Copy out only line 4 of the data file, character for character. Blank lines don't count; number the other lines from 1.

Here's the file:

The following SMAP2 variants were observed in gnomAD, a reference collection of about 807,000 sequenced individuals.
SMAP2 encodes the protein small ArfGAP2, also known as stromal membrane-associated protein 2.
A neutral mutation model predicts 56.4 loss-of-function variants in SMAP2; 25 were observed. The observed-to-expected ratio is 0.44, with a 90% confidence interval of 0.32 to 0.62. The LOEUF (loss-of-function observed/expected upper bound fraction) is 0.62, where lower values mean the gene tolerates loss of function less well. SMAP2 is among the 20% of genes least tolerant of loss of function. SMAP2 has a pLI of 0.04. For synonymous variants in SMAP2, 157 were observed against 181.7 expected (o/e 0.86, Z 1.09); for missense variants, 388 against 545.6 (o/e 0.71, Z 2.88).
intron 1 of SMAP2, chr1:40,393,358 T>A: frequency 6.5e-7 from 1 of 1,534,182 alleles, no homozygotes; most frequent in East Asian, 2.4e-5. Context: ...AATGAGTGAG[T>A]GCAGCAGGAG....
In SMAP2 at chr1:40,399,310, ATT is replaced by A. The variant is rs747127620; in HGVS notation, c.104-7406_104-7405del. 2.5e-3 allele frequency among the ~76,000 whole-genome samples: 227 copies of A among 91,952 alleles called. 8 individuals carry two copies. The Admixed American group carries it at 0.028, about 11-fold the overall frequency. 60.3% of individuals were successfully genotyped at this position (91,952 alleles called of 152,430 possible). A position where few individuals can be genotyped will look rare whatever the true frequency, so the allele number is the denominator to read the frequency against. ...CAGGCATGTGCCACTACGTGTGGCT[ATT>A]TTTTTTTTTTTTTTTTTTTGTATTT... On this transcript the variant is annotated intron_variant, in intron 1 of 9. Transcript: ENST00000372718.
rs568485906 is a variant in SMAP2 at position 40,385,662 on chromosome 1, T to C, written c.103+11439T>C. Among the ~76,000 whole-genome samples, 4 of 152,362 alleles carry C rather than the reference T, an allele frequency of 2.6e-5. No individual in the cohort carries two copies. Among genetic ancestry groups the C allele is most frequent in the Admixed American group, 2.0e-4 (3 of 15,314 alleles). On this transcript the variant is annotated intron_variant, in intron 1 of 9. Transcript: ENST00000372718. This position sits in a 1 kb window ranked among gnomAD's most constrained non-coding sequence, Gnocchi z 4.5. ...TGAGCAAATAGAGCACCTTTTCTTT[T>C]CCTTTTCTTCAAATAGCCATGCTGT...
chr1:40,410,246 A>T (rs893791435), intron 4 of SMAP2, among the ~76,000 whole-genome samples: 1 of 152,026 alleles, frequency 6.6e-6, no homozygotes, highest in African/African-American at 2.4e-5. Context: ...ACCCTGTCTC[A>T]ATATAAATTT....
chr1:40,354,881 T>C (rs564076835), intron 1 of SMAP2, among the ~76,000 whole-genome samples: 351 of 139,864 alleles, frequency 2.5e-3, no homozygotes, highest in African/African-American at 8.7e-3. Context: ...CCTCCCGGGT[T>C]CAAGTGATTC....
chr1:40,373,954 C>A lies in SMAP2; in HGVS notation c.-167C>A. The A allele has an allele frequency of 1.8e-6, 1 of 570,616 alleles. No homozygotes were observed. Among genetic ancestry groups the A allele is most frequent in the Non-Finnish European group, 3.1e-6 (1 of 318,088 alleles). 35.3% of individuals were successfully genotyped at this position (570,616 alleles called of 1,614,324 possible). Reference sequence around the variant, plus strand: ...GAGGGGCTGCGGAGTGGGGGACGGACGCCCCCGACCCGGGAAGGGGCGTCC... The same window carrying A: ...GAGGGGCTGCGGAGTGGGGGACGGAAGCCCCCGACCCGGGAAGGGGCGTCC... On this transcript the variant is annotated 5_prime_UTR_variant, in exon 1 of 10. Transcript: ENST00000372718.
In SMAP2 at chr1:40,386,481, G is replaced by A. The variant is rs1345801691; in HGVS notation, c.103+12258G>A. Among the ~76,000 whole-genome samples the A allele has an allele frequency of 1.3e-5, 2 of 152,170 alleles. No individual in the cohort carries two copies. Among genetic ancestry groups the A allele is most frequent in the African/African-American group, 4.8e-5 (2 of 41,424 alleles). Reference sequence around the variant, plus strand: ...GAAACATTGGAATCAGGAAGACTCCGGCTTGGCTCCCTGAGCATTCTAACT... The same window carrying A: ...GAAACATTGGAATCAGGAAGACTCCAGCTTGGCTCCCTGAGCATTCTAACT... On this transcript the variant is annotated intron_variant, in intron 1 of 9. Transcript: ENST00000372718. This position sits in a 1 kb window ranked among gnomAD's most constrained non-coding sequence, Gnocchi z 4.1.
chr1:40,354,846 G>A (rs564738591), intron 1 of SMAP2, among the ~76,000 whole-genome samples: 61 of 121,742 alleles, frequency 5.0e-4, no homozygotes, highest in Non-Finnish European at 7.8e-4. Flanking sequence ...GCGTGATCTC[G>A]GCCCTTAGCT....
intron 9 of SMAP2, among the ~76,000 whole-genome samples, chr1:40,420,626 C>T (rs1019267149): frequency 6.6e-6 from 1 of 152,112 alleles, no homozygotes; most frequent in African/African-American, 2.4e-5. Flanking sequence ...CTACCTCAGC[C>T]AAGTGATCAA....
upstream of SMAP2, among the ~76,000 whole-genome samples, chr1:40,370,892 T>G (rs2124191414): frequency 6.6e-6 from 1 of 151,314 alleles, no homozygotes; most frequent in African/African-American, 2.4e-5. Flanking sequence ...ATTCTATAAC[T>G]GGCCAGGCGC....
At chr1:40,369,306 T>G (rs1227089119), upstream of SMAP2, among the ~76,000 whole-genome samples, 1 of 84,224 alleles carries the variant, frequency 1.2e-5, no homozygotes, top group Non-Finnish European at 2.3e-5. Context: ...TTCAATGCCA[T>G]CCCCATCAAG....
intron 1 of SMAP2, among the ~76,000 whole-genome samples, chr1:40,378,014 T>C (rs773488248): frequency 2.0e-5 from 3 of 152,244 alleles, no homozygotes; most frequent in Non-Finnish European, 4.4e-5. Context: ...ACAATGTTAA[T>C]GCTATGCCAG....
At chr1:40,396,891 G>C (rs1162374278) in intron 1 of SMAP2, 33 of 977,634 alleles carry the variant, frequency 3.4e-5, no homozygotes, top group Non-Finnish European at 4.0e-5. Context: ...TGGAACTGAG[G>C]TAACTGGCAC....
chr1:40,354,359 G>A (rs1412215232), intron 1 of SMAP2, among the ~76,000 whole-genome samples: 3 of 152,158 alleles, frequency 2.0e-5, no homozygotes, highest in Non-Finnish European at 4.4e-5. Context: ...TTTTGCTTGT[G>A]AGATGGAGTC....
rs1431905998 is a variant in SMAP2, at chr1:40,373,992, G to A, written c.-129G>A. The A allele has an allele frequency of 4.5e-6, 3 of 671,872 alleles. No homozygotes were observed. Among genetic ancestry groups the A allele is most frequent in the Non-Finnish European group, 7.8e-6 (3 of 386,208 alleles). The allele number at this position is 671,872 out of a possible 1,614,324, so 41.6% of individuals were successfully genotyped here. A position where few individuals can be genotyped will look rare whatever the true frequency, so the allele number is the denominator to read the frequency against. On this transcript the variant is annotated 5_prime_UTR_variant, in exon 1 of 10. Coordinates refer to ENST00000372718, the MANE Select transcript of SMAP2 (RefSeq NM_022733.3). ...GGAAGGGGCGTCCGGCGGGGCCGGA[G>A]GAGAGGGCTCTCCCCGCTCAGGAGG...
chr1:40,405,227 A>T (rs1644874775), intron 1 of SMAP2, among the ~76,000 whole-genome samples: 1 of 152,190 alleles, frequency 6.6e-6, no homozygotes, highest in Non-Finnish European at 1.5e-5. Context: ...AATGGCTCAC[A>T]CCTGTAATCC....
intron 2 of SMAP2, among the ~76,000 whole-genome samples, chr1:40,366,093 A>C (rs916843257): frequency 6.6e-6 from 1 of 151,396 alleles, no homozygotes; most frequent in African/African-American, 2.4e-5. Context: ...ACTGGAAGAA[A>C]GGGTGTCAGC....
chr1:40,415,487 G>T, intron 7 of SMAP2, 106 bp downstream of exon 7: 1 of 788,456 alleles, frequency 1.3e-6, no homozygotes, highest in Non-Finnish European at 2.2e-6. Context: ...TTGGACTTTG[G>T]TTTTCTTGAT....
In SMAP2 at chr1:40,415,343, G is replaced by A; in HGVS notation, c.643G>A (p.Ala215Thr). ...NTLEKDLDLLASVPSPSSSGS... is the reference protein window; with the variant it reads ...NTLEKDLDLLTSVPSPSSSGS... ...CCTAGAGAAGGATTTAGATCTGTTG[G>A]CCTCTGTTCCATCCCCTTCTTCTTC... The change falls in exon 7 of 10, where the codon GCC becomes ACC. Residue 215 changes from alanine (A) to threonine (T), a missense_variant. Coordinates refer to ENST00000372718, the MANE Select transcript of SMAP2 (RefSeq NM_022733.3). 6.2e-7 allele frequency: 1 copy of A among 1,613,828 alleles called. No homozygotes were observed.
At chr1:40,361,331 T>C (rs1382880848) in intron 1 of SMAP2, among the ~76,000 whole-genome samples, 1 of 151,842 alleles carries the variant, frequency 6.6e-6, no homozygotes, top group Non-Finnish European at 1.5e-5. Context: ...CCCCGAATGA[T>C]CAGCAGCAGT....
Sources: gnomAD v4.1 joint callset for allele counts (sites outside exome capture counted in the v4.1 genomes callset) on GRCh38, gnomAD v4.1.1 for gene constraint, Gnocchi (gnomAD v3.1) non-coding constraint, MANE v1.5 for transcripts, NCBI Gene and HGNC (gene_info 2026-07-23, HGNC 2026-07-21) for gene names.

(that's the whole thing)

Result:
intron 1 of SMAP2, chr1:40,393,358 T>A: frequency 6.5e-7 from 1 of 1,534,182 alleles, no homozygotes; most frequent in East Asian, 2.4e-5. Context: ...AATGAGTGAG[T>A]GCAGCAGGAG....